Ofgem to review price cap four times a year
Ofgem, the energy regulator for the UK is considering doubling the frequency at which energy bills are reviewed in the UK
Under proposed changes, the price cap - the mechanism limiting how much suppliers can charge customers - would be adjusted every three months. Currently this is done bi-anuually, once in October and once in April.
Ofgem’s announcement represents the latest in a long list of discussions regarding the price cap. The fact that changes are relatively infrequent has been hailed as both a good and bad thing.
When the wholesale cost of energy began its ascendency towards the end of 2020, the cap prevented this being passed onto customers. At the same time, it meant that providers were operating at significant losses.
Since the start of 2021, 29 energy companies have gone under. The largest of these was Bulb, which, with 1.5 million customers, was viewed as too large to fail, and was subsequently placed into administration by the government.
Increasing the rate of price cap adjustments would be a fairer reflection of market conditions, according to Ofgem.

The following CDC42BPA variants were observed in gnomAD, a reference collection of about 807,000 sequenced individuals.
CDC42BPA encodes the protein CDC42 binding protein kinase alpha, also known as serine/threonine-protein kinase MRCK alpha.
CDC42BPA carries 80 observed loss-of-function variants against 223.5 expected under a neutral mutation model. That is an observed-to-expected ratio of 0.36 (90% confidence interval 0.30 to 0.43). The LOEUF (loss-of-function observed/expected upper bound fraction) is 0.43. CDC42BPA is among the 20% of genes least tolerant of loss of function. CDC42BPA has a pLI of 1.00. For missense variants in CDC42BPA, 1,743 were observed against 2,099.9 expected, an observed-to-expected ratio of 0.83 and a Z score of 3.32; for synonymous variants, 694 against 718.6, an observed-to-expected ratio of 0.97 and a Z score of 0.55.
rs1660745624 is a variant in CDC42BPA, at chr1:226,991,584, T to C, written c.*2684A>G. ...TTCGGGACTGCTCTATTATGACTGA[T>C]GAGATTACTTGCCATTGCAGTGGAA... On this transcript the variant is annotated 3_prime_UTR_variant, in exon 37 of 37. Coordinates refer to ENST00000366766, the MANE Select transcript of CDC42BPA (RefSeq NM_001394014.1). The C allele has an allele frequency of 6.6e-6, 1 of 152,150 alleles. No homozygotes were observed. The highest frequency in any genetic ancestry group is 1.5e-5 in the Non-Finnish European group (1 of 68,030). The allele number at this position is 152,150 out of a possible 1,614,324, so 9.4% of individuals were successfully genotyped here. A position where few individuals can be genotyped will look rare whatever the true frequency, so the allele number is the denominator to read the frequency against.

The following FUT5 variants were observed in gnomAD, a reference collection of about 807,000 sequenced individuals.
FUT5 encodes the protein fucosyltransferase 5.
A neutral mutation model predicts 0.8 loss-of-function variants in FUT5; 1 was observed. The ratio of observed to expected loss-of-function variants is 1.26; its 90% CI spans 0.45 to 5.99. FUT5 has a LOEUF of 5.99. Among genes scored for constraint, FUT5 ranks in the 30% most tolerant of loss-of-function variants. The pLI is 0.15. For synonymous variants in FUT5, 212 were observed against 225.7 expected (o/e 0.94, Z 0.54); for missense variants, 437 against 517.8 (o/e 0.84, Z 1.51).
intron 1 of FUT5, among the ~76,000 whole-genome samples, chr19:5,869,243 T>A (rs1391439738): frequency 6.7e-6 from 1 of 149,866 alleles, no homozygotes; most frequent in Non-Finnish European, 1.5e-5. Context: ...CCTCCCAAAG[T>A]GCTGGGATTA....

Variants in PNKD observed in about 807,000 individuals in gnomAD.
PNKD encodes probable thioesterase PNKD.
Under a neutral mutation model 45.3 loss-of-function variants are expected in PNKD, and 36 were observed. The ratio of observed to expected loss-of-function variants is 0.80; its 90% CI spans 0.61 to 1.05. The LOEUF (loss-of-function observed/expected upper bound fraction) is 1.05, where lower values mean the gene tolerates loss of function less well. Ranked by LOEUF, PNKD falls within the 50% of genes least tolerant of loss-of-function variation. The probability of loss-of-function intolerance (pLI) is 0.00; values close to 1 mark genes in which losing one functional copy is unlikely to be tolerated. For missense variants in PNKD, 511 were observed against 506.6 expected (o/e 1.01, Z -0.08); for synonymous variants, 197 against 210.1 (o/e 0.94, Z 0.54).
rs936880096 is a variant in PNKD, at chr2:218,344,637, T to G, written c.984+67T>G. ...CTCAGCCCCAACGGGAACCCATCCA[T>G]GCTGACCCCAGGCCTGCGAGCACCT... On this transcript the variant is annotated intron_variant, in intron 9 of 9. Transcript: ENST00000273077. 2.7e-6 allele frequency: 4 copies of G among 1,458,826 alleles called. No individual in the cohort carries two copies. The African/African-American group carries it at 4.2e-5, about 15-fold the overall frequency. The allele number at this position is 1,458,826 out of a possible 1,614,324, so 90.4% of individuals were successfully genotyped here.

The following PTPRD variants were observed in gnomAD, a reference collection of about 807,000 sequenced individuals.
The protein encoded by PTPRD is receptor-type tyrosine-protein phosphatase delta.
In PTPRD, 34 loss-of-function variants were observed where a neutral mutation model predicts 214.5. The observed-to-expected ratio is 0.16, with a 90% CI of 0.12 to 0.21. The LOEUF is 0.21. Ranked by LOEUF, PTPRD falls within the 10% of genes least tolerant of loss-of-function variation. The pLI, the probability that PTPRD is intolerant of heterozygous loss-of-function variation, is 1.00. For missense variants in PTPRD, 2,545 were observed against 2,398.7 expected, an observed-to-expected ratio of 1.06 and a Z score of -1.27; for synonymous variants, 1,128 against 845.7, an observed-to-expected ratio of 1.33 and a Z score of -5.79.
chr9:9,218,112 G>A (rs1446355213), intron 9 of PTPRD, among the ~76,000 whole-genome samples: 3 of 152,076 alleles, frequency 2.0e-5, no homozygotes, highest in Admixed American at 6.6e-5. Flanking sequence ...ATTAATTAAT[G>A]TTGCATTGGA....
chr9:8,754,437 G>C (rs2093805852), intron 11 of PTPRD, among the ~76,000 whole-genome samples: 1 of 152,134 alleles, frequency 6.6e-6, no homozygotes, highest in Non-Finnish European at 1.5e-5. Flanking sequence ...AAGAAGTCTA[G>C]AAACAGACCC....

“A more frequent price cap would reflect the most up-to -date and accurate energy prices and mean when prices fall from the current record highs, customers would see the benefit much sooner,” said Ofgem Chief Executive Jonathan Brearley.
“This change would also help energy suppliers more accurately predict how much energy they need to purchase for their customers, reducing the risk of further supplier failures which ultimately push up costs for consumers.
“The last year has shown that we need to make changes to the price cap so that suppliers are better able to manage risks in these unprecedented market conditions.”
It’s not immediately clear whether quarterly adjustments would be in favour of the consumer or energy providers. However, some charities believe that it could be harmful due to uncertainty in the market.
Speaking on the subject, Gillian Cooper, Head of Energy Policy at Citizens Advice, said: “We know many energy customers will be worried about seeing prices change more frequently, rather than being locked in for six months.
“These measures should reduce the risk of further supplier failures which have already left customers with a multi-billion pound bill.
"But they underline the need for a clear plan on how to protect families from further price hikes and support those struggling now."
While there had been hopes that the market would stabilise following a deeply volatile few years, Russia’s invasion of Ukraine has kept prices high. This turmoil, among other global factors, has given rise to predictions of an additional 32% increase in October. The result would be average energy bills of £2,600 per household, almost double what they were at the end of 2021.